• Mayo Medical Ventures is a for-profit arm of Mayo Clinic that licenses its intellectual property to companies as well as launches its own businesses based on the research and technologies.
I feel compelled to confess that I did not have very high expectations when I walked into the Rochester Area Builders meeting last night to cover the president of Marvin Windows talk about the economy.
However, I quickly upgraded my attitude as Susan Marvin began her engaging and interesting presentation.
Here's part of what I wrote for today's paper. Thanks to Mike Pruett of MLT for the pics.
People, community and commitment are the basic building blocks to create a foundation for a business to weather any economic storm and even grow during tough times.
Susan Marvin, president of the popular and successful Marvin Windows and Doors of Warroad, Minn, shared her 100-year-old, family-owned company's philosophy at the Rochester Area Builders annual meeting Tuesday night.
"We serve all of our stakeholders — our employees, our customers and the community," she told the attentive crowd of more than 200 at the Rochester International Events Center.
Marvin and her straightforward approach to business and opinions on the economy hit the national stage in the fall, when the New York Times wrote about her and the international window-making company based in a small Minnesota town of just 1,700 people.
The story generated an "incredible response" across the country and soon Marvin was appearing on CNN, Bloomberg Television and even President Obama discussing the window-making company during a speech.
"It is a story people were hungry to hear," she said.
While she describes a simple business approach, Marvin acknowledges that is not easy one.
"The last few years have been very tough. The economy went into recession and the home building industry went into a depression, one deeper than the Great Depression, with unemployment in our industry hitting 30 percent at one point," she said.
While her family's company was in a very strong position with money on hand and no debt when the worst of the home construction slump started in 2009, she and her siblings realized they had to make some changes.
"We realized immediately that we had to do everything differently," she said.
The Marvin family's first decision was a key one. The company would not cut any employees.
"While a layoff would have been easier, the community would have been devastated," she told the crowd. "We kept the people, but cut everything else — wages, bonuses, travel reimbursements, 401(k)s — everything that didn't contribute to the bottom line."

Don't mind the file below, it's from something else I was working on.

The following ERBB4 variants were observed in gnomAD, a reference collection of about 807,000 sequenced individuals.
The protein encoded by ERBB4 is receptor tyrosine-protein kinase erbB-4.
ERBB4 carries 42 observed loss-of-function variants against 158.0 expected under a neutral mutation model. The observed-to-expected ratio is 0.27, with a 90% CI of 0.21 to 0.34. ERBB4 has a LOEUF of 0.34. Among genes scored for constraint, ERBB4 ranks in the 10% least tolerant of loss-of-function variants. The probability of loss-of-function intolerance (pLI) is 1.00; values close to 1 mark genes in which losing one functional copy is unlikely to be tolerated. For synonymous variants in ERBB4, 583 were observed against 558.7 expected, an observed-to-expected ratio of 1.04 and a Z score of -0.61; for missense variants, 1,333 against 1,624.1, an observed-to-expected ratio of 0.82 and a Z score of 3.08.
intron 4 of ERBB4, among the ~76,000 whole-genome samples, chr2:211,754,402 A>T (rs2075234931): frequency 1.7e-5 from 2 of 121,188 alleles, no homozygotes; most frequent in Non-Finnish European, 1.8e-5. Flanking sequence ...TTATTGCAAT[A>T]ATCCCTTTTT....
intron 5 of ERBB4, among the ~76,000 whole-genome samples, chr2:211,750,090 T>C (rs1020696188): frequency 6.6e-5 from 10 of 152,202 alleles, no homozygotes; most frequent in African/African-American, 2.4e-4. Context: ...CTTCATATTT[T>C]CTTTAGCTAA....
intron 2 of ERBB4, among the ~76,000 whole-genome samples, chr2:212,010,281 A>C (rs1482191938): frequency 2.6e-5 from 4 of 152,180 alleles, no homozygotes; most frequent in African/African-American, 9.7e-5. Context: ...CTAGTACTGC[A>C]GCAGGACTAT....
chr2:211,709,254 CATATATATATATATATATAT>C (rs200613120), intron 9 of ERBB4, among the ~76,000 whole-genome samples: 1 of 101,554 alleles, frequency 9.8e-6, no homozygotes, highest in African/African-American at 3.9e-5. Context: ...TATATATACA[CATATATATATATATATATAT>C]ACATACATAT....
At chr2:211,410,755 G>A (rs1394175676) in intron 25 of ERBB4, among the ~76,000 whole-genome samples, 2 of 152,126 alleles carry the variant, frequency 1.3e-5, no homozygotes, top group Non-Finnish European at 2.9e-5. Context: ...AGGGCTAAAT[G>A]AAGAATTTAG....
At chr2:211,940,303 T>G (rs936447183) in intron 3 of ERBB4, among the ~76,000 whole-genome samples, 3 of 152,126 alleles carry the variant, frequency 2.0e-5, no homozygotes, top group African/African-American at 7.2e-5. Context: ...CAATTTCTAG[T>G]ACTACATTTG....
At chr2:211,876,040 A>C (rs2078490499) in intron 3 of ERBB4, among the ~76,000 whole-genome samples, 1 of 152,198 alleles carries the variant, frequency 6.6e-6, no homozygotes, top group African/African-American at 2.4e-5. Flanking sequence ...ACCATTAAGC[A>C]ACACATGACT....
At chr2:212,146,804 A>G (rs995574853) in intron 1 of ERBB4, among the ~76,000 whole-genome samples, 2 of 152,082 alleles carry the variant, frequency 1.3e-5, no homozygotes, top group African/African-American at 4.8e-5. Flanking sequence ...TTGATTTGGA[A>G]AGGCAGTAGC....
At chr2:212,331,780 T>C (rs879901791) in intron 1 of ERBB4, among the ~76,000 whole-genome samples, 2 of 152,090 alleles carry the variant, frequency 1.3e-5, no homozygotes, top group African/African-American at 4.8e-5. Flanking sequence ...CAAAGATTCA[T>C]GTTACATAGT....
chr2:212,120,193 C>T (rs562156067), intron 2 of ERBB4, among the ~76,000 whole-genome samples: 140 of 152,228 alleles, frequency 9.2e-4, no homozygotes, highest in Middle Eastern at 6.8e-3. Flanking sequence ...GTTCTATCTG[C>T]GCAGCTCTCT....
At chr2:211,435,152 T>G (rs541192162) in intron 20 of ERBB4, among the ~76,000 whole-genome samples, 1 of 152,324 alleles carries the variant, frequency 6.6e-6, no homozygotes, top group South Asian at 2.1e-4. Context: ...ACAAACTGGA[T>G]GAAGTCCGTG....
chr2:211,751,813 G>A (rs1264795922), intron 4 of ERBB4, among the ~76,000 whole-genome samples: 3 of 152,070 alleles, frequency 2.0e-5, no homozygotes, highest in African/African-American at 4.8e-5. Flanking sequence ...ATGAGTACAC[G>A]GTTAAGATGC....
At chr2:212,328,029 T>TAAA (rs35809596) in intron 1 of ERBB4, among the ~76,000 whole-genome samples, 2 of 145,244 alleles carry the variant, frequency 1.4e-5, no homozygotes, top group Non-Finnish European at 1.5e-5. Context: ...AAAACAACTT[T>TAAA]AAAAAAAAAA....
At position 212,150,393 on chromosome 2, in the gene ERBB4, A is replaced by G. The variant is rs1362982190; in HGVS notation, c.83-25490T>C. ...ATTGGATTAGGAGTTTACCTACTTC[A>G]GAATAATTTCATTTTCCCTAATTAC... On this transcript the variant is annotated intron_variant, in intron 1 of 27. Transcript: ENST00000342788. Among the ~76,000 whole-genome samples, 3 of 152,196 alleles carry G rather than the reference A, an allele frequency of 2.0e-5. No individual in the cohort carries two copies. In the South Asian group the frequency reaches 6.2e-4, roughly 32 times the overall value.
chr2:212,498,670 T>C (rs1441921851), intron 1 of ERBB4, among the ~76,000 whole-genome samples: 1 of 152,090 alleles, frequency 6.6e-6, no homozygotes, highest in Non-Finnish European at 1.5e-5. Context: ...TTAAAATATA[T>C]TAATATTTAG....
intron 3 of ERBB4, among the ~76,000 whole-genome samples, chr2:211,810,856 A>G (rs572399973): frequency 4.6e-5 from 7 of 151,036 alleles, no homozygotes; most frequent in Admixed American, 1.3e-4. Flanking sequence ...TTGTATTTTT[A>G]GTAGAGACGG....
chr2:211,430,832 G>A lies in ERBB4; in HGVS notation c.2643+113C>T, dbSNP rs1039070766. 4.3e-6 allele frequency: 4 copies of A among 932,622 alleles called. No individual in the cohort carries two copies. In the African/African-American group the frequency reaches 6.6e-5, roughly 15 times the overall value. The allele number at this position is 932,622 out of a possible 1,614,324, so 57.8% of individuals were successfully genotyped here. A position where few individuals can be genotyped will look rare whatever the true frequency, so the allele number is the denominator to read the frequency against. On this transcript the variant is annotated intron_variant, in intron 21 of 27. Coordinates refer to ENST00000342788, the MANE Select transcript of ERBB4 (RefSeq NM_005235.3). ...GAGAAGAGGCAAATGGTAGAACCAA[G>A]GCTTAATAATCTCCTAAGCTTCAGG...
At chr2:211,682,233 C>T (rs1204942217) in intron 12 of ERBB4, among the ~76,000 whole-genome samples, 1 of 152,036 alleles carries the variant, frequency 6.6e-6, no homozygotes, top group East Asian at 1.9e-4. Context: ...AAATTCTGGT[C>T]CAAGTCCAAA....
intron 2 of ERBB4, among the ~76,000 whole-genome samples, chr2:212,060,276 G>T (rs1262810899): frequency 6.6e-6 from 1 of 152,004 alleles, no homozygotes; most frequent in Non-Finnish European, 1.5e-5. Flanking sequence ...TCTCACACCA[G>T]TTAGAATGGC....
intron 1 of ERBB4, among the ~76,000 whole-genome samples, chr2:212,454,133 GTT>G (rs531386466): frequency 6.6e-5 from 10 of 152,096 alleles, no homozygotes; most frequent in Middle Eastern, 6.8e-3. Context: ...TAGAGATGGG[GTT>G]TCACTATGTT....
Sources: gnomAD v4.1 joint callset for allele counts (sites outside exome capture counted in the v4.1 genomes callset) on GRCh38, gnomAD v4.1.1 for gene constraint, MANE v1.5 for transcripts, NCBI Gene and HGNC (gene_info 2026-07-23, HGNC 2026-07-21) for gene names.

Marvin Windows employs about 4,300 people, 2,000 of whom work in the small northern Minnesota town of Warroad, where her grandfather founded a lumber yard in 1904.
The town and the company are intertwined. In fact, her father originally turned the family lumberyard to making windows during World War II to help create jobs for returning GIs.
"The strength of the company is the community. It is … an incredible relationship," Marvin said.
However, cutting expenses to the bone to keep from letting workers go was not easy.
"It was a team effort, though not everyone liked it. But they were willing to do that rather than see their neighbor lose their job," she said.
Keeping the workforce intact was not just good for Warroad. The Marvins see it as good business.
"Retention of talent is key. Experience matters," she said.
Here's a quick reminder of a couple business networking and informational events coming up tonight and Friday.
I hear a scavanger hunt is slated for tonight's bash at Olmsted National Bank, so watching the Med City's business leaders scurrying around the building is probably reason enough to stop by.
And of course, there will be the food, a cash bar and business networking. I plan on being there, so stop me and tell me what local business news I've missed or messed up lately. Heh.
Both events are sponsored by the Rochester Area Chamber of Commerce.
Business After Hours, a monthly business networking event sponsored by the Rochester Area Chamber of Commerce, is scheduled from 5 p.m. to 7 p.m. at Olmsted National Bank, Suite 101, 975 34 Ave. N.W. Olmsted National is co-hosting the event with the Crown Restaurant & Lounge.
FRIDAY, JAN. 19
• The Rochester Area Chamber of Commerce is sponsoring a breakfast preview of the 2012 Minnesota Legislative session with state lawmakers from 7:30 a.m. to 9 a.m. at the Rochester Marriott Hotel at 101 First Ave. S.W. Officials scheduled to take part in the event include: Deputy Majority Leader Sen. Geoff Michel; Majority Leader Sen. David Senjem; Minority Leader Rep. Paul Thissen: Sen. Carla Nelson, Rep. Tina Liebling, Rep. Kim Norton, Rep. Duane Quam and Rep. Mike Benson. The cost is $25 for member and $35 for non-members.
The Rochester Area Chamber of Commerce's annual member celebration drew a big crowd Thursday as business leaders packed the Rochester International Event Center.
Outgoing Chamber board chair Melissa Brinkman of Custom Alarm handed over the reins of power to Alan De Keyrel of CWS.
Here's the story I scribbled out about the event.
The Rochester Area Chamber of Commerce's political priorities for the coming year were made clear at its annual member celebration Thursday night.